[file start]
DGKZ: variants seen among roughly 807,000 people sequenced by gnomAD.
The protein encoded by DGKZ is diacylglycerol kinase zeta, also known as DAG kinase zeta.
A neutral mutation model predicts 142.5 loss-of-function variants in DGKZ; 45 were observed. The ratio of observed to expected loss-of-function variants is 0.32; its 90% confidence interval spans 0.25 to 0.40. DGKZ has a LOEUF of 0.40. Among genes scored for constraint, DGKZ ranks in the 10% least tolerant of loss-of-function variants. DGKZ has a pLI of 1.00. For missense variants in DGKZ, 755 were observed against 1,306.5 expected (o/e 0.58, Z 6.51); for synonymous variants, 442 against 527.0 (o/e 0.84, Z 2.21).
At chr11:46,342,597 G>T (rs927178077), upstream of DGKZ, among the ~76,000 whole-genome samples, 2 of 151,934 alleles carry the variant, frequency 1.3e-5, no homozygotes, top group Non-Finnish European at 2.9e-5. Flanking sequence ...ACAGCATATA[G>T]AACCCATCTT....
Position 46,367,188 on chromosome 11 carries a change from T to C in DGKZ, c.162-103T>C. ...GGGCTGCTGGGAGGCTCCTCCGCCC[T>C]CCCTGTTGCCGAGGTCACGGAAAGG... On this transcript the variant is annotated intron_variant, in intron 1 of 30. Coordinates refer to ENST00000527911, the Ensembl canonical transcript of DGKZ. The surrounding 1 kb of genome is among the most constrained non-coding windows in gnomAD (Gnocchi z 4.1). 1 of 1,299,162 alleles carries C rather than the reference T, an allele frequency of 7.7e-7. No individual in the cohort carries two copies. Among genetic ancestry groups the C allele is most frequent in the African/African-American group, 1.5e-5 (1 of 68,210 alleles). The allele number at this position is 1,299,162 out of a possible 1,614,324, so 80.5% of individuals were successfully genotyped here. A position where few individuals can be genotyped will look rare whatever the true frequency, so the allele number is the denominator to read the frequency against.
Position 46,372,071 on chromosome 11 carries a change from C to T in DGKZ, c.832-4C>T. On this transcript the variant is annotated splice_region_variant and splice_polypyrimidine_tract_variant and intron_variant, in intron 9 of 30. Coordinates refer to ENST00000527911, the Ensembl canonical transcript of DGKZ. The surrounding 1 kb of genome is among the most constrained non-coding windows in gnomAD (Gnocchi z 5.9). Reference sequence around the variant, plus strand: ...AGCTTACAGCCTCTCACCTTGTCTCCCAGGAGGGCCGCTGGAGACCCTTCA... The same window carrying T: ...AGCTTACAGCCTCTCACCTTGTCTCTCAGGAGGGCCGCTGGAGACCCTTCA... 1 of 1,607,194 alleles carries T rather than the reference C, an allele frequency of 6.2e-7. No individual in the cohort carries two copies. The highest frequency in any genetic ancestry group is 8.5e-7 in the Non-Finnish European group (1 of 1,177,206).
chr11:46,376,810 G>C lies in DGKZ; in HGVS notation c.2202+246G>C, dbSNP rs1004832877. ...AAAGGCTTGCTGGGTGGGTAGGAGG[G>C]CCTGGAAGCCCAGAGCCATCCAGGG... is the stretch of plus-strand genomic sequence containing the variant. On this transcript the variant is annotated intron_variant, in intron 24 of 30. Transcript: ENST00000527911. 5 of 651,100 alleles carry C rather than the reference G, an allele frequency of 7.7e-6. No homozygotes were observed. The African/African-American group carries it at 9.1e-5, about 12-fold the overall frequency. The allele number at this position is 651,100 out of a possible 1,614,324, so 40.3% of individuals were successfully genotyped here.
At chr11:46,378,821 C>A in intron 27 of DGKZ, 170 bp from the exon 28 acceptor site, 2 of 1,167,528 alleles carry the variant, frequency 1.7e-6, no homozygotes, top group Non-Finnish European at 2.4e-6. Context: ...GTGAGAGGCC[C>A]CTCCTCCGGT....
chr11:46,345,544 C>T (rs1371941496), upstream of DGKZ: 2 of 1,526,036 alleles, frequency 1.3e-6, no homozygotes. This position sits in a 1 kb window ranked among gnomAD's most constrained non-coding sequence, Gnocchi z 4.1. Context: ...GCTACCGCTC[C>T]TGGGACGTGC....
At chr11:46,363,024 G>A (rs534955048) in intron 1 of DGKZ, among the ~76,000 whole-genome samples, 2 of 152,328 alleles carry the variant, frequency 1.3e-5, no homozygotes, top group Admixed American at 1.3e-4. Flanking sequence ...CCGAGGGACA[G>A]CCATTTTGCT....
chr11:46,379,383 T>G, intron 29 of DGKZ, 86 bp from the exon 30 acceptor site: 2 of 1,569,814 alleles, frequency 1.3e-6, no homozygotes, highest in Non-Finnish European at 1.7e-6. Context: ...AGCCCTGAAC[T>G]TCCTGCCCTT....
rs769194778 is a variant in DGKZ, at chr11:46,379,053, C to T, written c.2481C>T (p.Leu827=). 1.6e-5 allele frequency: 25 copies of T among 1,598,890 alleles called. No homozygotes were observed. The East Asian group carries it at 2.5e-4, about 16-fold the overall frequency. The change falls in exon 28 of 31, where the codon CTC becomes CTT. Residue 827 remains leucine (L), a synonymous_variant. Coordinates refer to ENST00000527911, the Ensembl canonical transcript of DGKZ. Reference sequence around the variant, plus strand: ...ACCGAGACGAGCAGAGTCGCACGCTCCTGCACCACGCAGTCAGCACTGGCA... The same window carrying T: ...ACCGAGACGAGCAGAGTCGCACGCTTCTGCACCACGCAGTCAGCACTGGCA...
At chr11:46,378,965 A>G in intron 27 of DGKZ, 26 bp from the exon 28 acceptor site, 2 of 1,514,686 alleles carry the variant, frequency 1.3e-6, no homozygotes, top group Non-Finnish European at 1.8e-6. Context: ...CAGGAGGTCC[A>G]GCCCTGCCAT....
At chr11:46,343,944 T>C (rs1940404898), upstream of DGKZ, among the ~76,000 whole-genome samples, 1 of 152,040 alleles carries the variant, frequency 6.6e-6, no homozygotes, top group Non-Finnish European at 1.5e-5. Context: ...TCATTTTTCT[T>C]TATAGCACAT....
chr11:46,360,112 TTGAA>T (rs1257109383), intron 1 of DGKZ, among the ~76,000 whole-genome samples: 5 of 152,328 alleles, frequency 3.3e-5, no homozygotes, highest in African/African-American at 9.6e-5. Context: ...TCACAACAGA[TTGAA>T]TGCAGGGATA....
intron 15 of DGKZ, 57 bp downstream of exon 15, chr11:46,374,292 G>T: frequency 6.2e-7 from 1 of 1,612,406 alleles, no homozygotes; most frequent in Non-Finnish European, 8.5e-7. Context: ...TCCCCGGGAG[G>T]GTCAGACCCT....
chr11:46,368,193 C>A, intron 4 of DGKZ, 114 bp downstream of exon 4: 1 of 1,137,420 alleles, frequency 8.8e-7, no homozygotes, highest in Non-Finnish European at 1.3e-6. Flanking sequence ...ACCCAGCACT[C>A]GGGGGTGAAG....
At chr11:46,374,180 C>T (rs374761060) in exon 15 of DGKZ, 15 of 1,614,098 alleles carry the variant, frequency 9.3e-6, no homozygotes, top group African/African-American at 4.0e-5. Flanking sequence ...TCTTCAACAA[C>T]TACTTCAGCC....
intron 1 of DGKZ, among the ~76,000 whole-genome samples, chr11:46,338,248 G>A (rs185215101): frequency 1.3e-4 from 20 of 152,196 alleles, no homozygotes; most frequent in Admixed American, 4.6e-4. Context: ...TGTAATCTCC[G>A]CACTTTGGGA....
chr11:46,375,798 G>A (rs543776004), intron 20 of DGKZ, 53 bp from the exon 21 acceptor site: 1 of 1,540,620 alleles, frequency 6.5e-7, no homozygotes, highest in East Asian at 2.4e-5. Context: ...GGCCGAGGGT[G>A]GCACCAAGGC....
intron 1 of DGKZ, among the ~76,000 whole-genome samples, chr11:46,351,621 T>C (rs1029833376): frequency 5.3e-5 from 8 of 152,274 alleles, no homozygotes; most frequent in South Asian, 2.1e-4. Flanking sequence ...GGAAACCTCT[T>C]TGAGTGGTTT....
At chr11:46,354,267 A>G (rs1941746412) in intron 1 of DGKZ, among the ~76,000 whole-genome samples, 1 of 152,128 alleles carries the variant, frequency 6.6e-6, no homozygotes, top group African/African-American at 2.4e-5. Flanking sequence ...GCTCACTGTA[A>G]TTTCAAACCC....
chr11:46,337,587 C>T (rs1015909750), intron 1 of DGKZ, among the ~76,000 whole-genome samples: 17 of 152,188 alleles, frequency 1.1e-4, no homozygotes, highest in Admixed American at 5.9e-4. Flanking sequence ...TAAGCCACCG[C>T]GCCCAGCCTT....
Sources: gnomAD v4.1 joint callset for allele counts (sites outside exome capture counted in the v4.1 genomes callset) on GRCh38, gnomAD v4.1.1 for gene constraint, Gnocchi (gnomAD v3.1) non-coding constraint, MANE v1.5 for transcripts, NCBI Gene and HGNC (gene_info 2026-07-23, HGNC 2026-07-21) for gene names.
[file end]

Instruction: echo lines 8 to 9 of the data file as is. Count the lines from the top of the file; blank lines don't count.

At chr11:46,378,821 C>A in intron 27 of DGKZ, 170 bp from the exon 28 acceptor site, 2 of 1,167,528 alleles carry the variant, frequency 1.7e-6, no homozygotes, top group Non-Finnish European at 2.4e-6. Context: ...GTGAGAGGCC[C>A]CTCCTCCGGT....
chr11:46,345,544 C>T (rs1371941496), upstream of DGKZ: 2 of 1,526,036 alleles, frequency 1.3e-6, no homozygotes. This position sits in a 1 kb window ranked among gnomAD's most constrained non-coding sequence, Gnocchi z 4.1. Context: ...GCTACCGCTC[C>T]TGGGACGTGC....